In the same issue of Sapio, business consultant Kenichi Ohmae does the math on Trump’s demand that Japan pick up the full tab for U.S. bases in Japan or face withdrawal. He concludes the latter might not necessarily be a bad thing. To name one example, Ohmae points out that the reversion of Yokota Air Base in western Tokyo to Japanese control would free up the air corridors over Kanto, as civilian flights to and from Haneda or Narita airport are currently obliged to take circuitous routes to avoid U.S. military-controlled airspace. Another possible plus would be less adversarial relations with Russia. With Japan no longer entangled in the struggles for hegemony between foreign powers, there’s a chance that Russia may become more amenable to returning the Japanese Northern Territories they’ve been occupying since 1945.


On the financial implications of the upcoming U.S. election, Mizuho Research Institute analyst Akihiko Yasui writes in Shukan Economist magazine (June 21) that the value of the Japanese yen is likely to appreciate against the U.S. dollar in the near future as both Trump and Hillary Clinton favor a weaker U.S. dollar to increase American exports. Irrespective of the outcome of November’s election. he advises financial managers to hedge their risks by diversifying the currencies in their portfolios.
Finally, as this article was going to press, stories have begun considering the political repercussions of the June 12 fatal shooting of 49 patrons in a Florida nightclub by an Afghan-American. Will Trump’s pledge to exclude Muslim immigration into the U.S. make the difference in the outcome of the coming election?

“It’s certain that the terrorist incident has given Trump a boost,” remarked international journalist Yoshio Hotta in Yukan Fuji (June 15). “After hearing repeated exhortations by liberals such as Barack Obama and Hillary Clinton, a sense of resignation has been spreading among Americans and their sentiments are shifting toward ‘Shall we let Trump have a go at it?’ But if that were to happen, Muslims already in the U.S. might be driven to desperation, soon leading to more terrorist acts.”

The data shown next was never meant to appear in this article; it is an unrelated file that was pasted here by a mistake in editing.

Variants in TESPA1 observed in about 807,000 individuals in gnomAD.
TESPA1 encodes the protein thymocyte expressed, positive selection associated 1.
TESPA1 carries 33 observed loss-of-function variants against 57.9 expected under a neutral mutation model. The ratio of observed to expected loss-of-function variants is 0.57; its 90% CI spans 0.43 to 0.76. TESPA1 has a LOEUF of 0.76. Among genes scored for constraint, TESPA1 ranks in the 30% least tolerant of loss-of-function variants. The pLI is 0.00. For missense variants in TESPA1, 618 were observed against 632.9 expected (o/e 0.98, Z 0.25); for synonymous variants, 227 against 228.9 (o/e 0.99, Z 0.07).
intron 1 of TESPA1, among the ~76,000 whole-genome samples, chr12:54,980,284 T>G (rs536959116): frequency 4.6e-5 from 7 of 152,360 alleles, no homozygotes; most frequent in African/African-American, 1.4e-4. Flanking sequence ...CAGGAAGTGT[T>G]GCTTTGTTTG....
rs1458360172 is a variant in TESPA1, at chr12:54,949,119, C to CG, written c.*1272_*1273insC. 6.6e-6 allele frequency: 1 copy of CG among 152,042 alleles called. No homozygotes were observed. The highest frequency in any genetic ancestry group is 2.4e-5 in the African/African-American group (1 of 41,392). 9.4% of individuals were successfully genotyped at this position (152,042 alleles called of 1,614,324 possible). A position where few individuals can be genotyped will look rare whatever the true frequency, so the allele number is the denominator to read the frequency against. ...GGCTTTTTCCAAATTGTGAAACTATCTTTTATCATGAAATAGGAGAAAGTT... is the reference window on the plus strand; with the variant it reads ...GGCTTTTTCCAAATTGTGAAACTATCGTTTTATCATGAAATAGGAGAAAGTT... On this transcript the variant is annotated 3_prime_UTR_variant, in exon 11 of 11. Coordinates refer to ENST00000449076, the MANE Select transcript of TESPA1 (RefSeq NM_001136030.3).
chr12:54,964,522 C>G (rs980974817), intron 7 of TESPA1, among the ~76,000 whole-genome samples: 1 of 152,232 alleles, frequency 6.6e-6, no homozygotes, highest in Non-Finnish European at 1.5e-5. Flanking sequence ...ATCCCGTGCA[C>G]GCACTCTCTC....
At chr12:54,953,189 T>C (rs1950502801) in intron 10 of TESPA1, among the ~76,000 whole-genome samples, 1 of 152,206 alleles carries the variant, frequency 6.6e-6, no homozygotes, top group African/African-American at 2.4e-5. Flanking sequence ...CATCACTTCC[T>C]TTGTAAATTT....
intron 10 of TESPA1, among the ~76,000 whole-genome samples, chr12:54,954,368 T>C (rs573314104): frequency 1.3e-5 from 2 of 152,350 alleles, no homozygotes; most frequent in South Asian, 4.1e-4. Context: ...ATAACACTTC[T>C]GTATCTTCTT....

It goes without saying that Japan’s weekly tabloids are not bound by the same rules of political correctness as the U.S. media. But while we might scoff at Shukan Gendai’s off-the-wall “X-Day” predictions, there’s at least one precedent in living memory: On June 5, 1968, the Democratic Party’s front-runner, Robert F. Kennedy, was fatally gunned down after winning the California primary. An immigrant from the Middle East was convicted of the crime, and is currently serving a life sentence at a U.S. prison. Still, even among American voters who viscerally detest Trump, that’s one piece of history no one wants to see repeated.


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If you’re wondering about the strange pictures in this article, they didn’t come with it originally, go HERE to see the video they came from.